Adam Richard came to the Federal Bureau of Investigation (FBI) Visiting Scientist Program to be involved in solving missing person and unidentified remains cases. His research has helped to improve identification efforts when trained forensic artists are not available. He also performed research to improve the transparency of anthropological contributions in the forensic sciences and to explain the mechanism behind postmortem hair banding.
Richard’s interest in missing person cases dates back to an incident in the summer after his freshman year of high school. Richard related the case of a news anchor named Jodi Huisentruit of Mason City, Iowa. She failed to show up for the local morning news program. Despite investigative efforts that reached a national level, she remains a missing person.
“It has been 22 years since she disappeared. It bothers me a great deal, so I continue to do what I can to support advancements in this area of law enforcement,” said Richard. As a forensic anthropologist with the FBI, he has conducted research in support of identification efforts to help solve these sorts of disappearances.
The Visiting Scientist Program brings in recent graduates to conduct research in support of the FBI Laboratory’s mission to provide technical leadership and advancement of forensic sciences for the FBI, as well as federal, state, local and international agencies.
Richard, who has a master’s degree in anthropology from Texas State University, heard about the program at the Counterterrorism and Forensic Science Research Unit (CFSRU) through a previous participant who was a friend from graduate school.
As a member of Dr. Keith Monson’s lab, Richard’s research initially involved evaluating the effectiveness and accuracy of ReFace, a software program developed by the FBI which creates automated facial approximations of unidentified remains. He later split time between research, collecting field samples, processing and analyzing research specimens, and performing data analysis on a few hundred hardcopy case file records.
“The ability to collaborate across disciplines was easily the greatest part of this whole experience for me,” said Richard. “It’s often difficult to effectively foster interdisciplinary collaboration, but there is so much to be gained from having a team with diverse skill sets available to tackle a problem. The fact that the FBI Laboratory has a single unit dedicated to supporting research in all fields of forensics shows that they understand the benefits of this type of collaboration.”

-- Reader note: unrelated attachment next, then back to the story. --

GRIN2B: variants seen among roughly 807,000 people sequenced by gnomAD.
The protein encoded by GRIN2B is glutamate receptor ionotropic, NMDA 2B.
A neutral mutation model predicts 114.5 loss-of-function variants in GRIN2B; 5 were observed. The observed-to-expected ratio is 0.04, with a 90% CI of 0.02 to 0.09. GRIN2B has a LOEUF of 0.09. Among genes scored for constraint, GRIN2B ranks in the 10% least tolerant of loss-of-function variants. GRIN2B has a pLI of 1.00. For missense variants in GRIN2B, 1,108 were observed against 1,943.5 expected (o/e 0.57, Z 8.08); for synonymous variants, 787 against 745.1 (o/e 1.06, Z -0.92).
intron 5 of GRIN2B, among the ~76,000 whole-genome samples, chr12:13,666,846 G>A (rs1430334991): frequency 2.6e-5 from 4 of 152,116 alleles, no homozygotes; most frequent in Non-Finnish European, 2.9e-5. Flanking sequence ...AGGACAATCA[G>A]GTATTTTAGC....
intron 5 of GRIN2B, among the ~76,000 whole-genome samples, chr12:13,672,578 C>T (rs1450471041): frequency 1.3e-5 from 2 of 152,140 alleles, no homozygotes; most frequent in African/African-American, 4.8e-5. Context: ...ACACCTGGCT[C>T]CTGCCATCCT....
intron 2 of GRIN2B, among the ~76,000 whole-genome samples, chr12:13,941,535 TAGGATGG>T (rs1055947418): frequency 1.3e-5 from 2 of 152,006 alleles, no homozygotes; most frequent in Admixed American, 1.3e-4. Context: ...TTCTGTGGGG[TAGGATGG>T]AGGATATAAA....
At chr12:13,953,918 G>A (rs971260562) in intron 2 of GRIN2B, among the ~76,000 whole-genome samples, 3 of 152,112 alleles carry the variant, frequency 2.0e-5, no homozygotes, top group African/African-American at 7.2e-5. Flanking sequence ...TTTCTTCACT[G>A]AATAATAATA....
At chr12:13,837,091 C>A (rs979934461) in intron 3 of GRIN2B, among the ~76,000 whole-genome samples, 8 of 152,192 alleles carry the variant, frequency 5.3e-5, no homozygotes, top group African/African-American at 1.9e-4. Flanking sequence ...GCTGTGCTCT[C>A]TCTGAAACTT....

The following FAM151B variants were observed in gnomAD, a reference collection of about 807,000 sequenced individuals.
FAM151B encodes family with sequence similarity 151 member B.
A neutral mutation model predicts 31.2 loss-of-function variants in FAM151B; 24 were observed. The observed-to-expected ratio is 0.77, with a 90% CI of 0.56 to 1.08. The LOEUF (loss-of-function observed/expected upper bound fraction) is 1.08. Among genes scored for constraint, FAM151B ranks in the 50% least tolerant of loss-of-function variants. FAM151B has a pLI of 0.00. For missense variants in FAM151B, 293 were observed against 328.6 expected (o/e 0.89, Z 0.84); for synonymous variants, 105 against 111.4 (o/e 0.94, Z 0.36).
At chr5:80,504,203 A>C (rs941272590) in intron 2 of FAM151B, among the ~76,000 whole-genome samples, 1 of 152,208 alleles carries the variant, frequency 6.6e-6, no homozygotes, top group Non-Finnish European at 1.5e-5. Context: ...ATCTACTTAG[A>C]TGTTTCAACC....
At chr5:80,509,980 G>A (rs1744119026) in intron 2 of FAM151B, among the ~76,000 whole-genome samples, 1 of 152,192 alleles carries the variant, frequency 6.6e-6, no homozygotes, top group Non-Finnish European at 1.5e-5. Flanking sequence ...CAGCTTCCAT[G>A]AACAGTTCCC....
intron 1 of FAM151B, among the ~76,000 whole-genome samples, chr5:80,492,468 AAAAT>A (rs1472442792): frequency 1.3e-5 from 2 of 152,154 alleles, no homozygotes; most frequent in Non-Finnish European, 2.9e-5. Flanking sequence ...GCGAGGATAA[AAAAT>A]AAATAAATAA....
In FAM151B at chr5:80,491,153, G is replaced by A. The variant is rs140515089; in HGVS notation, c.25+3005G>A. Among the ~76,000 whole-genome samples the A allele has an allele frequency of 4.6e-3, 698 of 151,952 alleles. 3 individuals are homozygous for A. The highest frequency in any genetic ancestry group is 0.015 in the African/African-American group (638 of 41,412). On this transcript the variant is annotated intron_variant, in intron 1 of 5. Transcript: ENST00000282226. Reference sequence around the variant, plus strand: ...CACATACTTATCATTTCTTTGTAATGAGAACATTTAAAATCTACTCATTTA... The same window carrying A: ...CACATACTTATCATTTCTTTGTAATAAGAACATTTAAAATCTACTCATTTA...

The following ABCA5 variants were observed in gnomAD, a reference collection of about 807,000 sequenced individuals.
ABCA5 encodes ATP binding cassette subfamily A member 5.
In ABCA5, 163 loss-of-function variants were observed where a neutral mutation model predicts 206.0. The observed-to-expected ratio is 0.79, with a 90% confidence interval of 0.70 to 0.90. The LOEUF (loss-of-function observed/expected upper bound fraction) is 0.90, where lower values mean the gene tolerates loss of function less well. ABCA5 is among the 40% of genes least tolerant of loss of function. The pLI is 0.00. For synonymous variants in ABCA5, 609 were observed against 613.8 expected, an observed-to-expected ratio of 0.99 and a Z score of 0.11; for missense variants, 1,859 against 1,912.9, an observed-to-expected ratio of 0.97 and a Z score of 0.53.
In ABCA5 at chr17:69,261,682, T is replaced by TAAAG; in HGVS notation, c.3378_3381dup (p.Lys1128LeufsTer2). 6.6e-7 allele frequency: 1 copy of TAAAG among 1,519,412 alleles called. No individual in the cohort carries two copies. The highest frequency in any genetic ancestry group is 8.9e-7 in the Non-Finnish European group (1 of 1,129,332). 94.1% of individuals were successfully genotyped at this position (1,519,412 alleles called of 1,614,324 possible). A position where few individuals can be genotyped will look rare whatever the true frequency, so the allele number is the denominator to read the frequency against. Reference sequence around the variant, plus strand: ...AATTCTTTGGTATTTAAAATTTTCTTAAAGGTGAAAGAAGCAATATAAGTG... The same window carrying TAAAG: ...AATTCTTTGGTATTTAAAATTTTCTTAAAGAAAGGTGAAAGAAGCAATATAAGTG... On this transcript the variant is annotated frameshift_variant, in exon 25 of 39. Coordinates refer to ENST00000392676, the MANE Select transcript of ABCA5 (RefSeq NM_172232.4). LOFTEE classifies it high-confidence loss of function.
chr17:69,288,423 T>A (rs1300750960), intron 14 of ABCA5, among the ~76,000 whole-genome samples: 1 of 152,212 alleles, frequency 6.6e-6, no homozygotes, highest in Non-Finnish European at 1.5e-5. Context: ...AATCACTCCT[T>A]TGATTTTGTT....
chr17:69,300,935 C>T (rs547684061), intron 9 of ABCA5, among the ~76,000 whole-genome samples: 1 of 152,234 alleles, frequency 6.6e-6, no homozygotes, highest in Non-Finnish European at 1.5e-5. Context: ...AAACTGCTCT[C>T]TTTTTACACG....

Richard enjoyed the program, and believes that the Visiting Scientist Program has contributed positively to his scientific and professional development.
“I received so much support and encouragement from so many different people that I can safely say I wouldn’t be nearly the scientist I am today if I had not applied to this program. I can’t even begin to count the number of interesting, and sometimes downright amazing, things I was exposed to during my time as a Visiting Scientist. Not only was the research enjoyable, but I was able to build relationships with many members of the case-working units,” Richard said.
As a result of his participation in the program, Richard is listed as a primary or contributing author in several published articles, with three more to be published.
“If you have a passion for forensics and are looking to flex your intellectual curiosity, I can think of no better place to do it. Plus, the bonds you develop with your fellow Visiting Scientists will last a lifetime. I now have friends in every forensic discipline that I can call on for input,” he said.
Richard is currently in training to become a forensic examiner in hair and fiber analysis with the FBI’s Terrorist Explosive Device Analytical Center (TEDAC). He also teaches college courses in anthropology and forensics. In the future, he sees himself continuing to apply his anthropology background in criminal justice and national security issues for the FBI, while continuing to teach.
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